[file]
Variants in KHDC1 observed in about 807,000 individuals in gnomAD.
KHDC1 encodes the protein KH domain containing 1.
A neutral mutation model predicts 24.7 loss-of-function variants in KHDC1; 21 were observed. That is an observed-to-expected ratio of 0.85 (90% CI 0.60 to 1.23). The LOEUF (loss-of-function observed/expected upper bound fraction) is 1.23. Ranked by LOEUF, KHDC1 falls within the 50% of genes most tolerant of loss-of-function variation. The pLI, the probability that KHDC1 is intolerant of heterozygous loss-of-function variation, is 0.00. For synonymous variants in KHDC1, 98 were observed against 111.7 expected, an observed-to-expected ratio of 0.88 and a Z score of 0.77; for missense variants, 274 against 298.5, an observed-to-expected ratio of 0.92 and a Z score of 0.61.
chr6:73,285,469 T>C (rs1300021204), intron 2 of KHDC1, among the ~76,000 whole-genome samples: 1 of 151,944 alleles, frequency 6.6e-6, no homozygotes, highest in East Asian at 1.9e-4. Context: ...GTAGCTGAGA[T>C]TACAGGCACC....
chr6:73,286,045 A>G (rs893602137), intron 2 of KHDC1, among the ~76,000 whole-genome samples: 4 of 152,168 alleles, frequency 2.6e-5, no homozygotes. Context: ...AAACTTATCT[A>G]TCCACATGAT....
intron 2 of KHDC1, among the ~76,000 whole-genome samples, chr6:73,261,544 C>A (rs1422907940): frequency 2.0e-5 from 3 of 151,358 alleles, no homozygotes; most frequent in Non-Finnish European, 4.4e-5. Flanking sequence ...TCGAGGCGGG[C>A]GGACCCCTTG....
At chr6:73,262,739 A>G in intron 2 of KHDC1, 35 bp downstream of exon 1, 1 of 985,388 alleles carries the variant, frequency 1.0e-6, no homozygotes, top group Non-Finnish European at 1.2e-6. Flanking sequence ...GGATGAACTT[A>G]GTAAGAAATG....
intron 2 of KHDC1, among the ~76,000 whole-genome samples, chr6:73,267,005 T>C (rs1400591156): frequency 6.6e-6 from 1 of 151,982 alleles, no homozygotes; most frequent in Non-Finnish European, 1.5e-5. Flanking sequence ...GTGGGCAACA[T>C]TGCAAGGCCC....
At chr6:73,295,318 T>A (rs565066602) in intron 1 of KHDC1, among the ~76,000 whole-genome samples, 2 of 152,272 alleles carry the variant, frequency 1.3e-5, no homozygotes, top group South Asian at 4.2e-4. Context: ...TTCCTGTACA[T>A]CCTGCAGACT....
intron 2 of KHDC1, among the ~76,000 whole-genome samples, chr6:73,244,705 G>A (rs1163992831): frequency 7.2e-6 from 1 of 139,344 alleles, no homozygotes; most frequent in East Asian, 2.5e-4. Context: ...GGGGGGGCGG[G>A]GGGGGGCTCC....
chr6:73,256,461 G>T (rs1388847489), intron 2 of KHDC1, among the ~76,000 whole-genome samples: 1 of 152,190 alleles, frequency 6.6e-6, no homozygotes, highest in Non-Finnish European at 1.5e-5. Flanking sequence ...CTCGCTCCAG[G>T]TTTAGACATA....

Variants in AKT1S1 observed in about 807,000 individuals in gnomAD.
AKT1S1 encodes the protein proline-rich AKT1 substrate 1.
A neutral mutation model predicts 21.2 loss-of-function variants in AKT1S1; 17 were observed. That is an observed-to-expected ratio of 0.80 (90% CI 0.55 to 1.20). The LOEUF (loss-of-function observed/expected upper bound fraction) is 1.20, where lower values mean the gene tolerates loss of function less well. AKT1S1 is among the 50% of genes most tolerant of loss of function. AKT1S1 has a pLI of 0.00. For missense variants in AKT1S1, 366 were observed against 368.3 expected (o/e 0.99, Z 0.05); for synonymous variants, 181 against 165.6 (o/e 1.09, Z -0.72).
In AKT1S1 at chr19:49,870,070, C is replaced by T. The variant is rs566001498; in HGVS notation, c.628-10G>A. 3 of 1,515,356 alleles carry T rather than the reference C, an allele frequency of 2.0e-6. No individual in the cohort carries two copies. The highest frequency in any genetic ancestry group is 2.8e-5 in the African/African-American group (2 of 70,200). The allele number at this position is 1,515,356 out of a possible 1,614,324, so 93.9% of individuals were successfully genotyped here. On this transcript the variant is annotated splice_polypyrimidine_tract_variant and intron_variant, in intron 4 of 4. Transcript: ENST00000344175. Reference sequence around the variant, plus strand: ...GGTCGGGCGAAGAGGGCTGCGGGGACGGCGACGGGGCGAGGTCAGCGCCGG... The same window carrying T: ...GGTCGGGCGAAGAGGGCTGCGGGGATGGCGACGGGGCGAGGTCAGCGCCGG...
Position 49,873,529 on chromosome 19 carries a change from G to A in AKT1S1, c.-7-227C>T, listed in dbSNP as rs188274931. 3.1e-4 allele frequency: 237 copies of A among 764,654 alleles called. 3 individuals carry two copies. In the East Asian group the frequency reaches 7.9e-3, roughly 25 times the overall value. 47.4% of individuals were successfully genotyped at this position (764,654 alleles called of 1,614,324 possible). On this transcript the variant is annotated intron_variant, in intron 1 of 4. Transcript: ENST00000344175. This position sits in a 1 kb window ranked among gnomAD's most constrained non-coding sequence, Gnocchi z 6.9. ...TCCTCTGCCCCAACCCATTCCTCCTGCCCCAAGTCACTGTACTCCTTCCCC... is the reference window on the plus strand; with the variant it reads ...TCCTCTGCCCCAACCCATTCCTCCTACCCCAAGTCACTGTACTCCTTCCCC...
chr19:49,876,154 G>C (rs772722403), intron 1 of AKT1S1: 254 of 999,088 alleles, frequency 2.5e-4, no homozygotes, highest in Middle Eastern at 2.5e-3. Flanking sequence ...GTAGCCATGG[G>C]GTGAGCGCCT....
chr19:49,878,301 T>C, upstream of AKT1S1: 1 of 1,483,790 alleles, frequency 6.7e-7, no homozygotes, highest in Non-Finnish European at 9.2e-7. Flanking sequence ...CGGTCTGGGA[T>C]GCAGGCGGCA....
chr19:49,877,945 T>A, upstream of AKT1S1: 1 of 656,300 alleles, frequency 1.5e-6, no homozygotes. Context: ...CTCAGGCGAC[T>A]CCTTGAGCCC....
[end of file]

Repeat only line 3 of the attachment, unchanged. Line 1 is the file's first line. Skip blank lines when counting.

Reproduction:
A neutral mutation model predicts 24.7 loss-of-function variants in KHDC1; 21 were observed. That is an observed-to-expected ratio of 0.85 (90% CI 0.60 to 1.23). The LOEUF (loss-of-function observed/expected upper bound fraction) is 1.23. Ranked by LOEUF, KHDC1 falls within the 50% of genes most tolerant of loss-of-function variation. The pLI, the probability that KHDC1 is intolerant of heterozygous loss-of-function variation, is 0.00. For synonymous variants in KHDC1, 98 were observed against 111.7 expected, an observed-to-expected ratio of 0.88 and a Z score of 0.77; for missense variants, 274 against 298.5, an observed-to-expected ratio of 0.92 and a Z score of 0.61.